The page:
Posted 23rd February 2016 | 12 Comments
HS2 Bill Committee report has 'failed to deliver'
THE final report from the Parliamentary Committee which has been considering the Hybrid Bill authorising Phase 1 of HS2 has 'failed to deliver', according to critics.
The Committee heard nearly 1,600 petitions against the Bill, and its final recommendations include a longer Chilterns bored tunnel with a north portal at South Heath, greater noise protection for Wendover and amendments to the discretionary compensation schemes.
The Committee is also calling for a remodelled maintenance depot at Washwood Heath in Birmingham to make the most of local job opportunities and better construction arrangements at Hillingdon in west London.
The purpose of the Committee was to hear objections to particular provisions, but not to consider opposition to the Bill in principle.
The Committee was chaired by MP Robert Syms, who said: "With this report on Phase One of the High Speed Rail programme, we have endeavoured to add substantial environmental, social and design benefits to the scheme, in balance with good use of public money and a viable engineering design."
The conclusions have also been welcomed in Whitehall. Transport minister Robert Goodwill said: "We will consider carefully the recommendations in the report and respond shortly. I also recognise the demands this process has placed on petitioners. We have listened to those affected by the scheme and in many cases we have been able to make the changes they have been calling for. I am happy to say that HS2 remains firmly on schedule, and today’s report marks another significant step towards getting spades in the ground for this transformational project."
The main criticism so far has come from promoters of alternative proposals, rather than the scheme's traditional opponents.
One promoter, Lord Tony Berkeley, who backs the 'Euston Express' concept and also chairs the Rail Freight Group, commented: "Euston Express is disappointed that the Commons Select committee chose to ignore the inaccurate evidence given by HS2 about our Euston Express scheme. E Ex puts all HS2 and West Coast Main Line trains on to the WCML tracks from Queens Park inwards and avoids the high cost, massive disruption and demolition to streets to the west of the line and at Euston itself. Euston Express, supported by a number of rail professionals, believes that the existing station can be adapted to accommodate all these trains without taking additional land."
The Rail Freight Group itself has expressed doubts about the implications for freight in the wake of the report, arguing that 'HS2 and Government have displayed a lack of ambition and urgency in confirming that use of released capacity on the West Coast Main Line would benefit rail freight'.
RFG executive director Maggie Simpson said: “HS2 is a vital project for rail freight growth but if we are to deliver the expected benefits for the sector, and the UK economy, we need clarity now on how released capacity will be used. We look forward to progressing discussions with HS2 and Government over coming months to ensure that a suitable framework is established giving the necessary confidence to the sector to support future investment.”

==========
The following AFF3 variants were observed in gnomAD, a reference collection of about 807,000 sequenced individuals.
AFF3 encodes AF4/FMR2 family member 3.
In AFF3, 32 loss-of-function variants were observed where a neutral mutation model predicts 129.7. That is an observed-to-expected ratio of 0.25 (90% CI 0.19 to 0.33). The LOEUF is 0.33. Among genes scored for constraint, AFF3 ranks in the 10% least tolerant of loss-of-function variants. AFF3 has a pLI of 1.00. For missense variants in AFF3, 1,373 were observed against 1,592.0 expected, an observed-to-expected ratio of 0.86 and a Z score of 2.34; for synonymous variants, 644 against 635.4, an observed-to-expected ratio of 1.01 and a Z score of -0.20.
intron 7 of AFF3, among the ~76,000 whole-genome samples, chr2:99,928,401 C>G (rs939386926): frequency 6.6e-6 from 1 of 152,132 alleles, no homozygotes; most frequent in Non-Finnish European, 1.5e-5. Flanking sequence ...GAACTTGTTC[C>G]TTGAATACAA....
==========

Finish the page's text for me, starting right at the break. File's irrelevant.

The report has also received a bleak reception from HSUK, which has suggested an alternative route for a high speed line north of London mainly following motorway corridors and providing a slightly lower maximum speed of 360km/h rather than the 400km/h of HS2. The group condemned the report from the Bill Committee because it had 'failed to deliver'.
A spokesman for the group said: “It beggars belief that this committee, chaired incidentally by a Poole MP who has no dog in this fight, can blithely nod through a scheme that will have devastating effect on the English countryside and whose top speed is pure fantasy.
“We note it is buried within the report that Euston station and Camden alone will face 17 years of disruption. We doubt very much if many Camden residents are desperate to rush to the north of England by High Speed train.
“A ten-year-old with a Hornby trainset knows that these high speeds demand exacting track sophistication and that the costs rise exponentially as the proposed speeds rise. To be blunt even if HS2 ever gets built, the costs involved in delivering these high speeds would be prohibitive – not that the current government will be concerned, as they will be long gone.
“The other stunning failure in logic, and we lay this firmly at Chancellor George Osborne’s door, is that instead of delivering businesspeople from London to the North to revitalise these economies, the opposite will happen. Northern business would simply come to London thus inflating that economy even further and creating ever larger regional discrepancies.”
Meanwhile, an event is being held in Westminster today as part of the campaign by the City of Liverpool to be connected to HS2 by a 32km extension. Key figures at this event include National Infrastructure Commission chair Lord Adonis, the mayor of Liverpool Joe Anderson and chair of the Transport Select Committee Louise Ellman.
With the HS2 Hybrid Bill at the end of its Committee stage, it will now return to the Commons before being sent on to a Public Bill Committee. The Report Stage and the Third Reading will follow.
Views expressed in submitted comments are that of the author, and not necessarily shared by Railnews.